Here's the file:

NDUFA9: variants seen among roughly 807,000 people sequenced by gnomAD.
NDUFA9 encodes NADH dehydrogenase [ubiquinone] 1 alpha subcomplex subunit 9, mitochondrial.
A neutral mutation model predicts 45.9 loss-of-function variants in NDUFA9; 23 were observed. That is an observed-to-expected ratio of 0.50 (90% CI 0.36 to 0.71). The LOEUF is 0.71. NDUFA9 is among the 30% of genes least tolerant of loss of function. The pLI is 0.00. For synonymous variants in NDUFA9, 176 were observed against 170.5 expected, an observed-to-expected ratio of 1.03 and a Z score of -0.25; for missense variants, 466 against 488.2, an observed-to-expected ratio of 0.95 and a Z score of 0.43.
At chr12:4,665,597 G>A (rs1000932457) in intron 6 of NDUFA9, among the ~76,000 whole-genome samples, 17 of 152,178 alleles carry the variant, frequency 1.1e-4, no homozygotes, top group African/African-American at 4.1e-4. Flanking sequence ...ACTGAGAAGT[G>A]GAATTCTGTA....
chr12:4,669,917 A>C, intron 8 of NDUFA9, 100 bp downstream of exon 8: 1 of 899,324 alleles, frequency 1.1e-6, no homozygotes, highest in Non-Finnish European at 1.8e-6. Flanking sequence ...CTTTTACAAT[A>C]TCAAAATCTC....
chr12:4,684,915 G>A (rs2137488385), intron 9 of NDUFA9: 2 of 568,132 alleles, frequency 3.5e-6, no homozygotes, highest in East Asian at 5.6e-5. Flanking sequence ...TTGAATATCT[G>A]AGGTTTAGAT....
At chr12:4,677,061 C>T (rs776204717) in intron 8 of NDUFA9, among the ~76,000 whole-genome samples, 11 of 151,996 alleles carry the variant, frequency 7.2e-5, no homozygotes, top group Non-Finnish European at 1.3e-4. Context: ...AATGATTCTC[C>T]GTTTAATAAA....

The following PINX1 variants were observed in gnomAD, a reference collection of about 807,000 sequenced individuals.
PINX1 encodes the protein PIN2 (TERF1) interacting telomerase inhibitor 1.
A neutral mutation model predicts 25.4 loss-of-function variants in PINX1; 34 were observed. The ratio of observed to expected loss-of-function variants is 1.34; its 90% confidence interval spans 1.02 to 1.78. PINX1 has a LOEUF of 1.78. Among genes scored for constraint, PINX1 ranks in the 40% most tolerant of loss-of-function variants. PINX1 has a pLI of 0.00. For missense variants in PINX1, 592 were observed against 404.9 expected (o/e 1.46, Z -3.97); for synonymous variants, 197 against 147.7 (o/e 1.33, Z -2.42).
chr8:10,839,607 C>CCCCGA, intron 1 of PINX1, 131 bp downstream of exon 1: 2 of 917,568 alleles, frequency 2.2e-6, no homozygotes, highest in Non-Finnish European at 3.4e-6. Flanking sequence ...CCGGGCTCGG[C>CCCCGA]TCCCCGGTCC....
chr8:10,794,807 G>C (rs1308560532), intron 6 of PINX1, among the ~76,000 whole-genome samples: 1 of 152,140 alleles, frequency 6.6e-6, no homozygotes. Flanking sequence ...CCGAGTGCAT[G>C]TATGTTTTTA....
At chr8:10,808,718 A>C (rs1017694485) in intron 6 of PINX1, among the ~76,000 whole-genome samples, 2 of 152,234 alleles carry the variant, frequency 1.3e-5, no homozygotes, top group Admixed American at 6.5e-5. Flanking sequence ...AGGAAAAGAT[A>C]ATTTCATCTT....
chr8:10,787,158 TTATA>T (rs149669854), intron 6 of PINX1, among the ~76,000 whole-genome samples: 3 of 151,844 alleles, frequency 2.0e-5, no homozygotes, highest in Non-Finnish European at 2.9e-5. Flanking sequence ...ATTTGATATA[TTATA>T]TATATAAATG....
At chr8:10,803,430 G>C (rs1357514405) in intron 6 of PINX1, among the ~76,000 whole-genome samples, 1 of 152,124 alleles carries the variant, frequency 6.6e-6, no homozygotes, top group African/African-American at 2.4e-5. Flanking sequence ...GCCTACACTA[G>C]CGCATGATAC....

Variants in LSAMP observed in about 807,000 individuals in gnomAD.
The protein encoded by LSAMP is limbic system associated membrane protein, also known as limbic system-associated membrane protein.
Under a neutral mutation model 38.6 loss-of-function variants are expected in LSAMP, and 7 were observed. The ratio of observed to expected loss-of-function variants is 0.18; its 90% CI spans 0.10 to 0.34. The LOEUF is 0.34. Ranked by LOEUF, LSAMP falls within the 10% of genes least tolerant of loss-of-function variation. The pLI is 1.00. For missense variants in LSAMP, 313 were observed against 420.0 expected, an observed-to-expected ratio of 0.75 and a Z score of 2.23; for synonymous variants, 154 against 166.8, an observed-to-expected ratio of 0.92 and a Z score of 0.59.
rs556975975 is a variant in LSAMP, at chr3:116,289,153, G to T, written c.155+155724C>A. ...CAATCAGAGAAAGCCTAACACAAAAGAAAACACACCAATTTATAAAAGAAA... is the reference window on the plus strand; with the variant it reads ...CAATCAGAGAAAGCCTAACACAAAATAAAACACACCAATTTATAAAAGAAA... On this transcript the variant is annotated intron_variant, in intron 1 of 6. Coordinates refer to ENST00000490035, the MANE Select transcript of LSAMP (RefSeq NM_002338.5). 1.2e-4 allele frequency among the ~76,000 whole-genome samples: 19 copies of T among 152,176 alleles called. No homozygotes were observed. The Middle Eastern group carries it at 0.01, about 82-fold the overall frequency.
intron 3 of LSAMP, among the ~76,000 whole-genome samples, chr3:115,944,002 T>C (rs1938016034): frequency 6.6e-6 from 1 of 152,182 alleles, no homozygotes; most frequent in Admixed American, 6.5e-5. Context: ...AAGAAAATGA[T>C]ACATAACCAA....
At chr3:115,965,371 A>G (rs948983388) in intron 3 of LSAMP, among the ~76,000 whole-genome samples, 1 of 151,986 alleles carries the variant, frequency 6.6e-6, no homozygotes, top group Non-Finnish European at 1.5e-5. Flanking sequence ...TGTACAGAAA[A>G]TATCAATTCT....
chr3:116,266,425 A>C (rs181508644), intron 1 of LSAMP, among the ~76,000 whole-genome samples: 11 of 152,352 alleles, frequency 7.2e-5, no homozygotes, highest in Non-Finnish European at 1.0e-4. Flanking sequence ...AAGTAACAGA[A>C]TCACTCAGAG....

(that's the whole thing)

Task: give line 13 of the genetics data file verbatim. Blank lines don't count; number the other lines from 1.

At chr8:10,808,718 A>C (rs1017694485) in intron 6 of PINX1, among the ~76,000 whole-genome samples, 2 of 152,234 alleles carry the variant, frequency 1.3e-5, no homozygotes, top group Admixed American at 6.5e-5. Flanking sequence ...AGGAAAAGAT[A>C]ATTTCATCTT....